Purpose: Although corticosteroids can relieve dyspnea in advanced cancer patients, factors predicting the response remain unknown. We aimed to explore potential factors predicting the response to corticosteroids for dyspnea in advanced cancer patients. Methods: In this preliminary multicenter prospective observational study, we included patients who had metastatic or locally advanced cancer, were receiving specialized palliative care services, and had a dyspnea intensity of ≥3 on a 0–10 Numerical Rating Scale (NRS) (worst during the last 24 h). The primary endpoint was NRS of dyspnea on day 3 after the administration of corticosteroids. Univariate/multivariate analyses were conducted to identify factors predicting ≥1-point reduction in NRS. Results: Of 74 patients who received corticosteroids, 50 (68%) showed ≥1-point reduction in dyspnea NRS. Factors that significantly predicted the response were an age of 70 years or older (82 vs. 53%, p = 0.008), absence of liver metastases (77 vs. 46%, p = 0.001), Palliative Prognostic Index (PPI) ≤ 6 (90 vs. 61%, p = 0.041), presence of pleuritis carcinomatosa with a small collection of pleural effusions (84 vs. 55%, p = 0.011), presence of audible wheezes (94 vs. 60%, p = 0.014), and baseline dyspnea NRS ≥7 (76% vs. 52%, p = 0.041). In a multivariate analysis, factors predicting response included PPI <6 (odds ratio (OR), 36.2; p = 0.021), baseline dyspnea NRS (worst) ≥7 (OR, 6.6; p = 0.036), and absence of liver metastases (OR, 0.19; p = 0.029) or ascites/liver enlargement (OR, 0.13; p = 0.050). Conclusions: The patient characteristics, etiologies of dyspnea, and clinical manifestations may predict responses to corticosteroids for dyspnea. Larger prospective studies are promising to confirm our findings.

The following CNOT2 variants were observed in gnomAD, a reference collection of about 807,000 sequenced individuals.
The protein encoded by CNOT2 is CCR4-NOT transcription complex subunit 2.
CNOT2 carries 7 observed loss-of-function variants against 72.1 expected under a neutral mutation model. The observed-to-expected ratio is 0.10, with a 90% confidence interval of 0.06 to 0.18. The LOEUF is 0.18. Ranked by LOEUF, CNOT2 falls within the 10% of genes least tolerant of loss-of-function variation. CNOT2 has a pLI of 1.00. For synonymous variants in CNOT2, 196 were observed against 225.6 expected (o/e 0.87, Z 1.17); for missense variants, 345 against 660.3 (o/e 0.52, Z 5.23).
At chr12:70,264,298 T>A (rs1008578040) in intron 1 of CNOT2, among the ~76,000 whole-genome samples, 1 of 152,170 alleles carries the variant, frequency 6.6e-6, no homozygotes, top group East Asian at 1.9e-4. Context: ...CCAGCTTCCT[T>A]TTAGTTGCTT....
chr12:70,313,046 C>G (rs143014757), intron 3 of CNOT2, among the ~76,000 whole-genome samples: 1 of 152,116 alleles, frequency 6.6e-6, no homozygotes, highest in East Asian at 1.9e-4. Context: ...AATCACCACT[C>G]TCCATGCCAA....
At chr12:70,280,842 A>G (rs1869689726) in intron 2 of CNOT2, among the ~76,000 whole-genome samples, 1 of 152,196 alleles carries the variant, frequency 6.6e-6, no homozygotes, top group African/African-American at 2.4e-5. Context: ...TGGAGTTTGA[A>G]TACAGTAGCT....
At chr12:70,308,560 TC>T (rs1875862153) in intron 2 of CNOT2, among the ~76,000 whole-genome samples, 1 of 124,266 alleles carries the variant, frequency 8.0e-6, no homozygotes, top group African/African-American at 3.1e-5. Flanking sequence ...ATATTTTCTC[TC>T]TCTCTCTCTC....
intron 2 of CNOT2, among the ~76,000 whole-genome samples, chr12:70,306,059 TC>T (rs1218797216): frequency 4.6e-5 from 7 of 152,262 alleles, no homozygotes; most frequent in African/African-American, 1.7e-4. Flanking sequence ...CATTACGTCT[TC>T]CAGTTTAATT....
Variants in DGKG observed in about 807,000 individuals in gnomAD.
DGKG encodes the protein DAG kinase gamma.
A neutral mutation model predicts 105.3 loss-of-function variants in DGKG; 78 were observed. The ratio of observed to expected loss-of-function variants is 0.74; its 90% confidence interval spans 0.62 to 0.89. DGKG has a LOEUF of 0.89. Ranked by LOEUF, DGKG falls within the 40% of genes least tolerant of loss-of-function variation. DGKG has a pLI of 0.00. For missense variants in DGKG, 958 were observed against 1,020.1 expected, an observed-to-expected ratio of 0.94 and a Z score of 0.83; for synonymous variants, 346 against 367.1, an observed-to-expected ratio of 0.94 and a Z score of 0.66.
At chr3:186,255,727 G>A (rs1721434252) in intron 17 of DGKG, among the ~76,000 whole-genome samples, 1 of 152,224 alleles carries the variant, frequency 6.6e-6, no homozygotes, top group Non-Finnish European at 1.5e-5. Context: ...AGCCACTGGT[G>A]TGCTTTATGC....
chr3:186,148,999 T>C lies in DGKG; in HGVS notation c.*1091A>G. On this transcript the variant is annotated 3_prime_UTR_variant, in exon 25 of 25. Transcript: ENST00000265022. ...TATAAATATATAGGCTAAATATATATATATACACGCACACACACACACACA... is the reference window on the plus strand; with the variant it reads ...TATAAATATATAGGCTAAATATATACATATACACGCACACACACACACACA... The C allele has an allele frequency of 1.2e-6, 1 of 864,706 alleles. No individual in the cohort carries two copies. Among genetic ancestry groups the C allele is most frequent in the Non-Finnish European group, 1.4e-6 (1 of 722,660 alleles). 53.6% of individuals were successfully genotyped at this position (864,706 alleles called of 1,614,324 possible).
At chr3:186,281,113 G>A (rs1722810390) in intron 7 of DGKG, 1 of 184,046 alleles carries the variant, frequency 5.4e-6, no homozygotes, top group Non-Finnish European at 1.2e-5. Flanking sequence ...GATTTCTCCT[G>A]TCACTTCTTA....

- Palliative care
ASJC Scopus subject areas